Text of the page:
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Why we still can't predict stock prices

Oct 21, 2009

Long ago, human beings were bewildered by natural phenomena. Our body of knowledge had not reached the point where the complex world around us could be explained in a rigorous manner. People tried, but they came up with notions like the earth was a flat object and it was at the center of the universe. And such concepts were zealously defended. All that changed with the arrival of modern science through the efforts of such giants as Copernicus, Galileo, Newton and scores of other luminaries. After centuries of effort from the scientific community, we are today able to explain natural phenomena and in fact, harness it to our use. Of course, there are many unanswered questions for which science is still seeking an answer. But it is undeniable that very real progress has been made from the days of the flat earth society.

The human scale
While the brightest minds have focused on the physical sciences, some of them also went into the social sciences - economics, psychology etc. When it comes to these areas, we still do not have a set of tools that can compare with those from the physical sciences. One of the main reasons is that physical phenomena involve the microscopic scale - at the level of subatomic particles - and at the telescopic scale - at the level of galaxies and constellations. In contrast, the social sciences deal with phenomena at the human scale. As it turns out, the human scale is far more complex than the microscopic and the telescopic ones. In fact, the traditional tools of the physical sciences fare rather poorly when it comes to the human scale. For example, we can land a man on the moon, but we still don’t grasp weather patterns, water turbulence, and earthquakes very well. Recent developments in science such as chaos and complexity theory are an attempt to deal with these.

Investing and scientific tools
Investing attracts its fair share of bright thinkers. But the problem with investing is that it all happens at the human scale. So it shouldn’t come as a surprise that theories developed using the traditional tools of the physical sciences have not fared all that well.

The central question of investing is the movement of prices. Of the early pioneers in this area was Frenchman Louis Bachelier. At around 1900, he saw a similarity between the diffusion of heat through a substance and how a bond price moves. The dispersion of molecules in a liquid is also similar and is called 'Brownian motion'. All of them cannot be forecasted in advance. We can only calculate the probability of change in prices just like the probability of outcomes from the toss of an unbiased coin. In fact, Bachelier believed, if we plotted the price changes over time, it resembled the famous bell-curve or the normal curve from statistics.

Modern finance
Many years later the scene shifted to the US. Around the 1950's, Harry Markowitz applied Bachelier's ideas to develop the Modern Portfolio Theory (MPT). MPT describes the prospects of every stock through its mean (reward) and variance (risk). It describes how investments can be diversified to create an 'efficient portfolio'.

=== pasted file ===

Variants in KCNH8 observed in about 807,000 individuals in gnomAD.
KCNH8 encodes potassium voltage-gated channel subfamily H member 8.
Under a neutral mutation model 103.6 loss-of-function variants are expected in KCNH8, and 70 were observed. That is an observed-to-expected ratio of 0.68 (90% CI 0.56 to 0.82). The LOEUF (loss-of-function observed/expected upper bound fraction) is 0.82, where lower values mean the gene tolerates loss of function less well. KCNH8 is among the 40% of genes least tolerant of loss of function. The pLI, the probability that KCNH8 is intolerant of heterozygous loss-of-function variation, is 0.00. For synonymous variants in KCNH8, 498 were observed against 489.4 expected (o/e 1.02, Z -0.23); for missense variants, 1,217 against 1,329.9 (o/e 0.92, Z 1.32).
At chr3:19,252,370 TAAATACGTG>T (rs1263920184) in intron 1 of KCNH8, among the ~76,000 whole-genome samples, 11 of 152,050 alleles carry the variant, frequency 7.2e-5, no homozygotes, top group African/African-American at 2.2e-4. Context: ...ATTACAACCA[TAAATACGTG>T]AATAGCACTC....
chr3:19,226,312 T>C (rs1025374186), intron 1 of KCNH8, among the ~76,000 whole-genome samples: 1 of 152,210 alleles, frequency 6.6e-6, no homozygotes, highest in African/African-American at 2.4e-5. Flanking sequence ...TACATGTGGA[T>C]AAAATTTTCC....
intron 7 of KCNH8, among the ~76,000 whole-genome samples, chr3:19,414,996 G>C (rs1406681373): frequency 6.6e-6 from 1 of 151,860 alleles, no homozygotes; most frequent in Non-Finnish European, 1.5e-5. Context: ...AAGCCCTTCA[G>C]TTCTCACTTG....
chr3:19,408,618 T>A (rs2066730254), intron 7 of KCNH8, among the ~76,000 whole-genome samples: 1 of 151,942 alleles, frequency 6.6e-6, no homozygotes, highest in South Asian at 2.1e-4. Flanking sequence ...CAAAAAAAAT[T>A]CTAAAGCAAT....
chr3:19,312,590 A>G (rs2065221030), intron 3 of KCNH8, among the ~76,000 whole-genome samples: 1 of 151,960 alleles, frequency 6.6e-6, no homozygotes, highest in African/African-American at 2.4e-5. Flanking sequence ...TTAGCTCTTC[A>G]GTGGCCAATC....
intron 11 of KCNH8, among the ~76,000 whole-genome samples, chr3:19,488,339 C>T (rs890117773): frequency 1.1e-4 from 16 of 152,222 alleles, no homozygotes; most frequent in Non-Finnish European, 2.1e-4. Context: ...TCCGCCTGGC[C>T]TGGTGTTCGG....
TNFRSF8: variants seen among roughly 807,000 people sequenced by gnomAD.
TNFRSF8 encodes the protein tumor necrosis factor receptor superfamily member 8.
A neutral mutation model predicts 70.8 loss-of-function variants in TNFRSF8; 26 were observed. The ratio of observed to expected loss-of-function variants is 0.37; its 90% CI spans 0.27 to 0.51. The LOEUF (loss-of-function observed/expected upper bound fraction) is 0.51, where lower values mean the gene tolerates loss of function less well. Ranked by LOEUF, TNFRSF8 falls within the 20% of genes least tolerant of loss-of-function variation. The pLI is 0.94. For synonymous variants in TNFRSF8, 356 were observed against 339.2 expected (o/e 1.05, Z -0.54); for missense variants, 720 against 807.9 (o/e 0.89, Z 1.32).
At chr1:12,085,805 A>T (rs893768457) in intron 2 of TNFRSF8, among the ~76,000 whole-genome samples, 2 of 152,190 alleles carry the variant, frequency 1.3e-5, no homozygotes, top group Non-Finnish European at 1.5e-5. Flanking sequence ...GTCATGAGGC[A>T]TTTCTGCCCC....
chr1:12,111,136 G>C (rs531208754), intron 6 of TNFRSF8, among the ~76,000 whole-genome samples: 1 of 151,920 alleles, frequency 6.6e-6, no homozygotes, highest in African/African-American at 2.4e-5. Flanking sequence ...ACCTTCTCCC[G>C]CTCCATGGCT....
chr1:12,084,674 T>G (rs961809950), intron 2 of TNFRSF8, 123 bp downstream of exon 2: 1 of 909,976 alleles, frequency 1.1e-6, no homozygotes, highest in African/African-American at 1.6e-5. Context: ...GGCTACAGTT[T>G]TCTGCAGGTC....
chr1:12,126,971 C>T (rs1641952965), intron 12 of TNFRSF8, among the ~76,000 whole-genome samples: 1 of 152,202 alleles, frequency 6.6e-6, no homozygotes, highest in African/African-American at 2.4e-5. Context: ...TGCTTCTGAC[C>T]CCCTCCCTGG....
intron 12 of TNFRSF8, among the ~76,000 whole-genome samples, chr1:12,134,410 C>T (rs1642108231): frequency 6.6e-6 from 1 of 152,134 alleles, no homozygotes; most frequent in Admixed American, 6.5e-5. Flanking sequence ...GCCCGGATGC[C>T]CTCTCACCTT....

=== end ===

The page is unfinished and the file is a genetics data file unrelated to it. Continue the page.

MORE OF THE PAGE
In the 1960's, William Sharpe took the concept of efficient portfolio ahead saying that if everybody held an efficient portfolio, then there would be one portfolio left, the 'market portfolio'. He then correlated every investment to this market portfolio to develop the Capital Asset Pricing Model (CAPM). The next step in the 1970's came when Fischer Black and Myron Scholes developed their model to value options. It was called the Black-Scholes formula.

The entire intellectual edifice is held by Eugene Fama who developed Bachelier's idea into the 'Efficient Market Hypothesis' (EMH). EMH basically says that in an ideal market, prices reflect all the available information and an investor cannot expect to beat the market.

Why we still can't predict prices
Unfortunately, empirical evidence is at odds with the theories of modern finance. They cannot explain why prices fluctuate as wildly as they do, why severe crashes occur, how someone like a Warren Buffett beats the market consistently for years etc.

Instead of brushing aside modern financial theory completely, let us examine some of their underlying assumptions which are flawed:

  1. Rational man: Modern financial theory assumes the 'economic man'. He is rational and always makes choices that maximize his utility. The truth is human beings are rarely rational. Most of the time, our behavior is driven by irrational biases. A field of study - behavioral economics - deals with the study of these irrationalities.

  2. Price changes are continuous: From the days of Bachelier, price changes are assumed to be continuous. That enables the use of neat mathematical tools. The truth is price movements are rarely smooth and are actually jumpy in nature.

  3. Brownian motion: Bachelier suggestion that prices move randomly like heat or water molecules and can be modeled like tosses of a coin is flawed because of two main reasons:
    • Independence: Today's price movements are assumed to be independent of the past. The truth is they are strongly correlated. The fact that a stock that has gone up 100% has a bearing on how investors bid future prices.
    • Normal distribution: Price changes are assumed to be mildly random and following the bell curve. The truth is prices can be wildly volatile which cannot be described by a normal distribution.

To conclude, our attempts at understanding price movements are still incomplete and flawed. As long as we do not come up with a price theory that passes through rigorous empirical tests, investors have to live with the fact the prices cannot be predicted.

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